Not any more

Arctic policy priority No. 1: settle border disputes

In Canada on August 20, 2010 at 09:56

In a historic shift, Canada will make finding solutions to Arctic boundary disputes this country’s top foreign-policy priority in the Far North, according to a Foreign Affairs paper that will be released on Friday.

The Conservative government now wants swift and permanent solutions to border issues that this and previous governments had preferred to leave unresolved.

The goal is to transform the Arctic from a hotbed of jurisdictional conflicts into a stable, rules-based region, which Canada believes is the essential underpinning of economic and environmental progress.

The report, on which The Globe and Mail has been briefed by several sources, does not tackle the dispute over control of the Northwest Passage.

Nor does it make any commitments about when and how the Conservatives will finance expensive promises for an icebreaker and other concrete manifestations of Canada’s claim to sovereignty over the Arctic waters.

But the report does signal to other northern nations that this country wants to advance a shared agenda for the Far North rather than simply to assert territorial claims. The Foreign Affairs paper, in short, declares that Canada means what it said recently about resolving Arctic conflicts.

The United States and Canada disagree over the border in the Beaufort Sea; Canada and Denmark are in conflict over control of Hans Island, off the coast of Greenland; and all states bordering the Arctic are preparing their cases for ownership of its seabed. The Foreign Affairs paper declares the federal government will meet the 2013 deadline for presenting Canada’s claims to the ocean floor.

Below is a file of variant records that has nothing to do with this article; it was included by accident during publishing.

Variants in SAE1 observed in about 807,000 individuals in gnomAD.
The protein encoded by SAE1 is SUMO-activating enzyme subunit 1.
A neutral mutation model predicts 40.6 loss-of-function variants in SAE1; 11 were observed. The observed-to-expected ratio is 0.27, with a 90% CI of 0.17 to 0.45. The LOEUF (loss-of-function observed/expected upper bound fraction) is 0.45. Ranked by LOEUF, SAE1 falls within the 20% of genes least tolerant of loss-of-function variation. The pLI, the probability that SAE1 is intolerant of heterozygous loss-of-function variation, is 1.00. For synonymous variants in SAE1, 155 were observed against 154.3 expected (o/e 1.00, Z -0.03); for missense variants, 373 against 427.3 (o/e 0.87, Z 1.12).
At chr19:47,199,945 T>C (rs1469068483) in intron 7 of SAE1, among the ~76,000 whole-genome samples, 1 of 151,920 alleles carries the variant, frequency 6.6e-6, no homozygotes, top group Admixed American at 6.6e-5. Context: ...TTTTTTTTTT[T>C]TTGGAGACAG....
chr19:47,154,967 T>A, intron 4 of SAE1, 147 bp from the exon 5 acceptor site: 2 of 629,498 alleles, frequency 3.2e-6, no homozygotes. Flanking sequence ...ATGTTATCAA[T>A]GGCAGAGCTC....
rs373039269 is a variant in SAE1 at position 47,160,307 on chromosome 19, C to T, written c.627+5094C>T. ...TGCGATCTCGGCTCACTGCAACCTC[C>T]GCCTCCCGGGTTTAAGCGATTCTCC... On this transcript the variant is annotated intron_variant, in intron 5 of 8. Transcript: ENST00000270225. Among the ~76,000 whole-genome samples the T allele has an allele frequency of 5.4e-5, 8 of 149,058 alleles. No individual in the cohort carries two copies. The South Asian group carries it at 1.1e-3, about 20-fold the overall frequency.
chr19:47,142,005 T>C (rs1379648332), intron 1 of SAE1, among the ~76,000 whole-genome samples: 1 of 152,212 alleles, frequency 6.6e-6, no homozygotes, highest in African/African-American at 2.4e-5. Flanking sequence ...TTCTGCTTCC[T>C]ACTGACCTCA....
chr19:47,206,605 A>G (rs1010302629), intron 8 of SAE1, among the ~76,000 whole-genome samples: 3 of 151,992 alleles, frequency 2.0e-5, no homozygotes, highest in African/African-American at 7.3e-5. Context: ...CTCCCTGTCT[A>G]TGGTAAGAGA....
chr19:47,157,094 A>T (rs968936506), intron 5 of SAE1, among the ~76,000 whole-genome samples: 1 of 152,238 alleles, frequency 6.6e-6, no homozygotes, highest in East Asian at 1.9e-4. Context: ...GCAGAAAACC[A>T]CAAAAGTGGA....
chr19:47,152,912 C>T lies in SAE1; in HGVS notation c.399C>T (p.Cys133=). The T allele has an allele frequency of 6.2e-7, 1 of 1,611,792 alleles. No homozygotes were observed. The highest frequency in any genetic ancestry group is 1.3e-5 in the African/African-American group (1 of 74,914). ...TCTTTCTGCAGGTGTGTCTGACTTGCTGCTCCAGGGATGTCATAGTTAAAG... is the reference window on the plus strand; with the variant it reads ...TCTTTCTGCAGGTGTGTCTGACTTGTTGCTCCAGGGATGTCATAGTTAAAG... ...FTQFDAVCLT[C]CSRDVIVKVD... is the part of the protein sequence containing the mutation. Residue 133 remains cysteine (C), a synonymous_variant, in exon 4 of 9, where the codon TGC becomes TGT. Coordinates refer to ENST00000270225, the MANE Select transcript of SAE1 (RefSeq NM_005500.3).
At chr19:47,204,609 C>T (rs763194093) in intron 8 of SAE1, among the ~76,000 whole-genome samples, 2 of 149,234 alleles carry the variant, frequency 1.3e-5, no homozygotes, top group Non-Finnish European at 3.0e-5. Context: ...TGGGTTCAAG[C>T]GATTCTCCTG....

The federal government has also told the United States and Denmark that it wants to resolve its northern border disputes with them. Until recent months, this country ignored other nations’ requests to settle.

Once a front line of the Cold War, the high Arctic is increasingly the scene of fractious claims over continental shelves that could be sheltering oil and natural gas. Warming weather is increasing the prospects of a navigable Northwest Passage. Canada claims the waters within the Arctic archipelago are within its jurisdiction, which the United States and other nations don’t accept.

Prime Minister Stephen Harper has made asserting Canadian sovereignty over the north a key priority of his Conservative government, increasing the military presence in the region and making an Arctic excursion an annual event. He leaves on Monday for a five-day northern tour.

The report repeats previous Conservative commitments to protect the Arctic environment and to advance the economic and social agenda for Canada’s three territories, which have been swinging from boom to bust to emerging boom as fluctuating commodity prices affect the prospects of recent mineral discoveries.

Politically, the Conservatives are hoping to profit from increasing interest over Arctic sovereignty, which is perhaps another manifestation of an emerging noisier patriotism among many Canadians.

The Liberals are no less interested in exploiting southerners’ fascination with the Far North, which is why leader Michael Ignatieff has been visiting the region this summer as part of his national tour.

Both leaders clearly believe domestic politics can dovetail with international diplomacy as Canada confronts the shifting reality along its northern border – whatever, exactly, that border may be.


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